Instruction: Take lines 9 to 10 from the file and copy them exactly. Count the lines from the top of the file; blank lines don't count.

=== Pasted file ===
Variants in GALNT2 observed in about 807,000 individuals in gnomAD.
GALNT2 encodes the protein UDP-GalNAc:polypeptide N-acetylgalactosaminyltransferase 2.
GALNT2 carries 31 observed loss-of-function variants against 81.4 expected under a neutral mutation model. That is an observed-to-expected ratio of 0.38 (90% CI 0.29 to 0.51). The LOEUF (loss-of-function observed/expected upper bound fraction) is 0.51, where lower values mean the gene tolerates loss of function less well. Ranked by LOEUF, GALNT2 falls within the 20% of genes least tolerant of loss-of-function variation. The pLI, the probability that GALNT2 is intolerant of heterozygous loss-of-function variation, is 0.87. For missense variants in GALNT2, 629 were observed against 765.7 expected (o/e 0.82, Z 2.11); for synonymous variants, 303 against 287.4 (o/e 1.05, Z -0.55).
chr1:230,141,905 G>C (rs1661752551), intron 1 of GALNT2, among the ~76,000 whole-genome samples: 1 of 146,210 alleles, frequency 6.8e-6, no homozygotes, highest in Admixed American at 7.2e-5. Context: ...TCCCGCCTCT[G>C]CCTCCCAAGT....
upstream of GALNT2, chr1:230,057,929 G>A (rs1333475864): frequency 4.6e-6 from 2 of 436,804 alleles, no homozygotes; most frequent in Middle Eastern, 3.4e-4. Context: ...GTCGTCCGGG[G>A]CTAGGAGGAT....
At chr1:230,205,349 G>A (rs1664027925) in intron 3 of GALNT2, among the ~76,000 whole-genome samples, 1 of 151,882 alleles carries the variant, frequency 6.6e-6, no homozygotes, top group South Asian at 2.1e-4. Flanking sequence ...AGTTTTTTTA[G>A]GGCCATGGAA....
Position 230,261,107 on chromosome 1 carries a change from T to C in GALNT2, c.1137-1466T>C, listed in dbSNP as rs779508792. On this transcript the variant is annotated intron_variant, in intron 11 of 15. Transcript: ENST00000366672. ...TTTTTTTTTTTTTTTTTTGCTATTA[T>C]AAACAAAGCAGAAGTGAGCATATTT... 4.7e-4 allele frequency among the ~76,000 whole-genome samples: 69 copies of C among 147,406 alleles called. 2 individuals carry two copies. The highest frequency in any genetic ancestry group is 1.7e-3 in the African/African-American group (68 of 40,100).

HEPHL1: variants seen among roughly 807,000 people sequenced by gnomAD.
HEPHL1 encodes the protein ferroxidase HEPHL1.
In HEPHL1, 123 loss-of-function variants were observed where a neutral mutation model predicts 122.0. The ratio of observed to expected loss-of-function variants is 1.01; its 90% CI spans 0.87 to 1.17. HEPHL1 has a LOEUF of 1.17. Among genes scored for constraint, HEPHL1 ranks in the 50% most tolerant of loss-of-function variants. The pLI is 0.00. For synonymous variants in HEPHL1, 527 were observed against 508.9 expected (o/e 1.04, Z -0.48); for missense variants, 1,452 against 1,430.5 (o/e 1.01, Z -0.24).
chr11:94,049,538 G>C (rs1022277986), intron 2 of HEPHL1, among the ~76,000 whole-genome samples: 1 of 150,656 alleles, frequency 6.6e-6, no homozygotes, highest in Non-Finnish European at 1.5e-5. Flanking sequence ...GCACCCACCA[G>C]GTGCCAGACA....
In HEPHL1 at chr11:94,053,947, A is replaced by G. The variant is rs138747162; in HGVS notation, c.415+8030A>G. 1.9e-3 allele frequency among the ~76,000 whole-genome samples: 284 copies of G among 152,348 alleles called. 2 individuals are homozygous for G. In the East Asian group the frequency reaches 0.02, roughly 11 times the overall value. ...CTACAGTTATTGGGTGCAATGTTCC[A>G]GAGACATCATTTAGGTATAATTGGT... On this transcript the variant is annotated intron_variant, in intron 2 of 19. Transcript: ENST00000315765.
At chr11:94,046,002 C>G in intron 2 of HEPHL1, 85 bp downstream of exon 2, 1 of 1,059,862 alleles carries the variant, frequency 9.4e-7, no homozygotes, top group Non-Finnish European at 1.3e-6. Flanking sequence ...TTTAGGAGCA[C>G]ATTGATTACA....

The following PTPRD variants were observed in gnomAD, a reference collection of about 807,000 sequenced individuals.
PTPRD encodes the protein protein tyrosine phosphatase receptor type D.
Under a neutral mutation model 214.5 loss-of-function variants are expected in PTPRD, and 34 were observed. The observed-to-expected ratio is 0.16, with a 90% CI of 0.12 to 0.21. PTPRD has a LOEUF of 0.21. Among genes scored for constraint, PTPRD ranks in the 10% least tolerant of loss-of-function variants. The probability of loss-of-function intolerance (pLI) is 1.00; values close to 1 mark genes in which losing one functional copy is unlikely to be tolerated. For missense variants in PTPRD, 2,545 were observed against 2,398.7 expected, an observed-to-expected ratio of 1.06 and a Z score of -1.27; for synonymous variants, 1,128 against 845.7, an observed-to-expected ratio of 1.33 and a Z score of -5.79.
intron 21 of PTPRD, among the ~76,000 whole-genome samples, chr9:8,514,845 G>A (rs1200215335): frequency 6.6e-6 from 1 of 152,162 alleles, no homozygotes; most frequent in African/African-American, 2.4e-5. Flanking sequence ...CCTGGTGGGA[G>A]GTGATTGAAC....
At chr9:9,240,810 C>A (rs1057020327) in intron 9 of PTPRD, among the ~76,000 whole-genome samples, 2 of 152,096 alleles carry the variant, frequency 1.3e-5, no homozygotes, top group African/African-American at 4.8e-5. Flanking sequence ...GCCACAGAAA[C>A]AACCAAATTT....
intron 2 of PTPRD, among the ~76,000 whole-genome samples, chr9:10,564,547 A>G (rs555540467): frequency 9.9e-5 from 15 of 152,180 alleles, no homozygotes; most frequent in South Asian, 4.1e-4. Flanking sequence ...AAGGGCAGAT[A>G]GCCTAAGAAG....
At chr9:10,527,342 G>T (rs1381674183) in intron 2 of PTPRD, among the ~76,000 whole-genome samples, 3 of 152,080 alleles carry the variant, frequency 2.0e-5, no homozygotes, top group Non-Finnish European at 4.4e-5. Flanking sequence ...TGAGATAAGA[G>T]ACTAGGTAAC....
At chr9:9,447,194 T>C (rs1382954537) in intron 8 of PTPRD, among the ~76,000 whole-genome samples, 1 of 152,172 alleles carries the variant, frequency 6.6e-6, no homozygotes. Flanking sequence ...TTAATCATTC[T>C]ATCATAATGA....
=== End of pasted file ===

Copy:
HEPHL1 encodes the protein ferroxidase HEPHL1.
In HEPHL1, 123 loss-of-function variants were observed where a neutral mutation model predicts 122.0. The ratio of observed to expected loss-of-function variants is 1.01; its 90% CI spans 0.87 to 1.17. HEPHL1 has a LOEUF of 1.17. Among genes scored for constraint, HEPHL1 ranks in the 50% most tolerant of loss-of-function variants. The pLI is 0.00. For synonymous variants in HEPHL1, 527 were observed against 508.9 expected (o/e 1.04, Z -0.48); for missense variants, 1,452 against 1,430.5 (o/e 1.01, Z -0.24).